Last season: Until Al Horford went down in December, the Hawks looked like the only Eastern Conference team not named the Miami Heat or Indiana Pacers that wasn’t a complete joke. Even after Horford underwent season-ending surgery to repair a torn right pectoral muscle, they were able to make the playoffs and give the top-seeded Pacers a serious scare in the first round. A lot of that credit goes to the offensive scheme installed by first-year head coach Mike Budenholzer. Newcomers Paul Millsap and DeMarre Carroll thrived in Bud’s spacing-heavy system alongside Kyle Korver, and even the toughest defense in the league found it a nightmare to figure out.
Signature highlight from last season: Korver, who has been one of the deadliest long-range shooters in the NBA for a decade, broke Dana Barros’ long-standing record of 89 consecutive games with at least one made three-pointer. Korver’s streak didn’t end until it reached 127.
Key player changes: The Hawks mostly filled in around the edges, leaving their core as-is but swapping out some role players. They drafted power forward Adreian Payne and signed former Thunder guard Thabo Sefolosha to bolster their perimeter defense. Backup point guard Lou Williams was traded to the Raptors, replaced by Kent Bazemore.
Much more pressing, of course, was the scandal that broke last month. Majority owner Bruce Levenson copped to sending a racially insensitive email about fans attending Hawks games, and agreed to sell his stake in the team. Then, details of even more racially insensitive remarks made by GM Danny Ferry about free-agent forward Luol Deng during a scouting meeting surfaced, kicking off a firestorm that resulted in Ferry taking an indefinite leave of absence.
Keys to the Hawks’ season:
How much of a distraction will the off-the-court mess be to players? The Hawks enter the season with Budenholzer overseeing basketball operations during Ferry’s leave, and ownership in limbo. Even though the roster and coach are relatively stable, situations like this can weigh on teams — just look at the Clippers in the weeks immediately following this spring’s Donald Sterling revelations. They’re going to have to answer questions about it, and at some point a new ownership group will come into play. That’s a lot of uncertainty, but hopefully the players and Budenholzer will be able to tune out the drama and focus on basketball.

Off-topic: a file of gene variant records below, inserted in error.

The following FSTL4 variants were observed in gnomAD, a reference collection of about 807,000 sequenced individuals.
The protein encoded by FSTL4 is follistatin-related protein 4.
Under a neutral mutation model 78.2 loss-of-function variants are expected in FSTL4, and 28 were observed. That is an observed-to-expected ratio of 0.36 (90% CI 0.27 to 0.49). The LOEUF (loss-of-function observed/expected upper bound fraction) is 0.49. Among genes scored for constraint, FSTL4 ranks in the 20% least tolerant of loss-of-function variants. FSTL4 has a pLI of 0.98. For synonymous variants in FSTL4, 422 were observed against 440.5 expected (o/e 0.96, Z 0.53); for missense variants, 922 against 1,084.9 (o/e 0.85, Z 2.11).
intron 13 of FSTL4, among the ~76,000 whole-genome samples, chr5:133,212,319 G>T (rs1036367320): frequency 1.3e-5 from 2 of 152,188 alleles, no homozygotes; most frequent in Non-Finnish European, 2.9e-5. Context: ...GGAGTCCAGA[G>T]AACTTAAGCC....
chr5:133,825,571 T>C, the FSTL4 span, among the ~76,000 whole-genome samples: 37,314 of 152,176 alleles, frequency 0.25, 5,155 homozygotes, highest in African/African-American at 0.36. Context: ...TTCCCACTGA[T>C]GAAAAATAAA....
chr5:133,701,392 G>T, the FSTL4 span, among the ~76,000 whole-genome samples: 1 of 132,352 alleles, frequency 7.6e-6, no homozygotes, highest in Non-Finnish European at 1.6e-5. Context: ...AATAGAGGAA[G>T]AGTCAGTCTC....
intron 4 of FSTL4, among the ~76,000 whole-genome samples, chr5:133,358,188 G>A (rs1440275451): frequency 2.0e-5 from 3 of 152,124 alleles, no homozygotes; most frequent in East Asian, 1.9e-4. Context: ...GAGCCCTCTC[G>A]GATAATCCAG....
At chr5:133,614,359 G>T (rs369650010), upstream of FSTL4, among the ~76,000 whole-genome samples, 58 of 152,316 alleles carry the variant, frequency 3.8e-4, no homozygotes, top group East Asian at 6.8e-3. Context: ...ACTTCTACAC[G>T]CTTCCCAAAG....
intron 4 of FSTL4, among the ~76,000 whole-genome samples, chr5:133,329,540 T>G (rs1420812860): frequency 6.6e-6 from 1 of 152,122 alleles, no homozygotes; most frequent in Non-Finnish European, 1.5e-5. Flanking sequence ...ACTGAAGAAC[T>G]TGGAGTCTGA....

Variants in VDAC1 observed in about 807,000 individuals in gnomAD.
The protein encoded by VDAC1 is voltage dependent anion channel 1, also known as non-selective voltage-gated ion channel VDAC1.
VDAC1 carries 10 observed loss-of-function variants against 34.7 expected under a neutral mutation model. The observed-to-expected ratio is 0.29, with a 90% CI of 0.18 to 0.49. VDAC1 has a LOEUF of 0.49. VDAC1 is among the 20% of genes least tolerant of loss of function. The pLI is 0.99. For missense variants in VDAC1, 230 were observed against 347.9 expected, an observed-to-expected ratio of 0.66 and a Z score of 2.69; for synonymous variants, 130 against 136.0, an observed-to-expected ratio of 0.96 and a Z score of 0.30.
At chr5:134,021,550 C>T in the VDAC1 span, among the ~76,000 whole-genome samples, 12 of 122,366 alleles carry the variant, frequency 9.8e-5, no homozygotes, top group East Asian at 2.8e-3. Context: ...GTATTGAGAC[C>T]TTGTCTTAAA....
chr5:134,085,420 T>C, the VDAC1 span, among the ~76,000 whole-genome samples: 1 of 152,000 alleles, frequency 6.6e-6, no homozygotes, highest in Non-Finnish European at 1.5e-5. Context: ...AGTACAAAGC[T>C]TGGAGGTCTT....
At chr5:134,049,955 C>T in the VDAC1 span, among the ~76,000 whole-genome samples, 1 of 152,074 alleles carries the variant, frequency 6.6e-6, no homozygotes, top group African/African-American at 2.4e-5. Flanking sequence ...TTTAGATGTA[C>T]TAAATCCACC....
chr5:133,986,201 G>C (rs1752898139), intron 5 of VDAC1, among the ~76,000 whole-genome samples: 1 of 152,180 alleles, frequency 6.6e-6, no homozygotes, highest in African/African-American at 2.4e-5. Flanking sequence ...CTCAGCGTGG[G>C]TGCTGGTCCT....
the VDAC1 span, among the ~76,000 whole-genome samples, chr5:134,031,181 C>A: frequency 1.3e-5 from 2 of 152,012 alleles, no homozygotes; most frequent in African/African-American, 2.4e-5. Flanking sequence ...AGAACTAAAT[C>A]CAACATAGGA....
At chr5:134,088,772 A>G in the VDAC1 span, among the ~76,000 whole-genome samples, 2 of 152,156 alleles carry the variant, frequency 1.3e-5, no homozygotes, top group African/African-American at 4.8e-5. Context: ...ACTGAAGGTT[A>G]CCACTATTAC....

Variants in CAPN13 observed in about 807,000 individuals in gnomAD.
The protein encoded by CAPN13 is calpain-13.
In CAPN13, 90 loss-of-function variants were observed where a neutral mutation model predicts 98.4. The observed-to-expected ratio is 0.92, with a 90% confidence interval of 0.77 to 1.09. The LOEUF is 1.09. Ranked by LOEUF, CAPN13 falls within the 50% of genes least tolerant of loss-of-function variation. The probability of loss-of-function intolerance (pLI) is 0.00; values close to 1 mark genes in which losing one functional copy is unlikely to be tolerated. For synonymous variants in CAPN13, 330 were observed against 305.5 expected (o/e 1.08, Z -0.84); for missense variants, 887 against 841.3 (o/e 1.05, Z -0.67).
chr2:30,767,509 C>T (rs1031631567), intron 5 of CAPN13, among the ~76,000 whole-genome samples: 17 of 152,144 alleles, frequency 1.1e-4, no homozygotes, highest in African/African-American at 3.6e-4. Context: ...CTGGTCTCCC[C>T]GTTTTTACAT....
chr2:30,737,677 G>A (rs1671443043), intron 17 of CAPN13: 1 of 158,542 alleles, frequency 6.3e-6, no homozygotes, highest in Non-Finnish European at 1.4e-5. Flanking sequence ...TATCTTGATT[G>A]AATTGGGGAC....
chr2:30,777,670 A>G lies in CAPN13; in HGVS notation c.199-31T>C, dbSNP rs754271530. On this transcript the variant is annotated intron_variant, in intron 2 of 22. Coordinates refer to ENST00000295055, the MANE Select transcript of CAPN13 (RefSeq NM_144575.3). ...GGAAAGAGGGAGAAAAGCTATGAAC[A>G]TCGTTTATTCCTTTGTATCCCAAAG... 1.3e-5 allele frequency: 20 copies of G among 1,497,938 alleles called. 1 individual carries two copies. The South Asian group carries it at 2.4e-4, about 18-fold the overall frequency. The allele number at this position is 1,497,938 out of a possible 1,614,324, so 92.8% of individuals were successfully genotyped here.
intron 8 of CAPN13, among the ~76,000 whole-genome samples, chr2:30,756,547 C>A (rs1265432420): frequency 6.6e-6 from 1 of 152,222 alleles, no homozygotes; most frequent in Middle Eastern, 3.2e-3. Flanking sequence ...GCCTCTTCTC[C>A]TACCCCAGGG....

Will Horford stay healthy? The Hawks’ 39-43 record last season doesn’t look great on its own, but they played much of the year without their two-time All-Star center. When Horford went down on December 26, the Hawks were 16-13. Over the rest of the season, they went 23-30. Horford has had two season-ending injuries over the last three years, but he’s been largely durable throughout his career and he’s only 28. Budenholzer implemented the five-out lineup after his injury, and although it took some time to get it in place, it was extremely effective by the time the playoffs came around. Horford isn’t an outside shooter, but he’s a skilled defender who gives the Hawks the kind of weapon on both sides of the ball they didn’t have without him.
Is Jeff Teague the long-term answer at point guard? The Hawks let Teague test restricted free agency last summer. He ultimately signed a four-year, $32 million offer sheet with the Bucks, which Atlanta immediately matched. He had a solid year, but there’s been nothing to indicate the Hawks view him as a foundational piece, or that they wouldn’t be open to trading him. They’re very high on second-year point guard Dennis Schröder, who didn’t play much in his rookie season but should get more opportunities this year. There’s a chance he could take some of Teague’s minutes if he blossoms and make the five-year veteran expendable.
Why you should watch: The Hawks have one of the prettiest offenses in the NBA, a ball-movement-heavy machine adapted from Budenholzer’s time with the Spurs. They’ll hit a ton of three-pointers, and a healthy Horford is extremely fun to watch.
Prediction: 48-34. Provided Horford stays healthy, the Hawks are in a position to compete for home-court advantage in the playoffs. Horford’s return and the addition of Sefolosha will strengthen Atlanta’s defense, while their offensive scheme remains extremely tough for opposing defenses to figure out.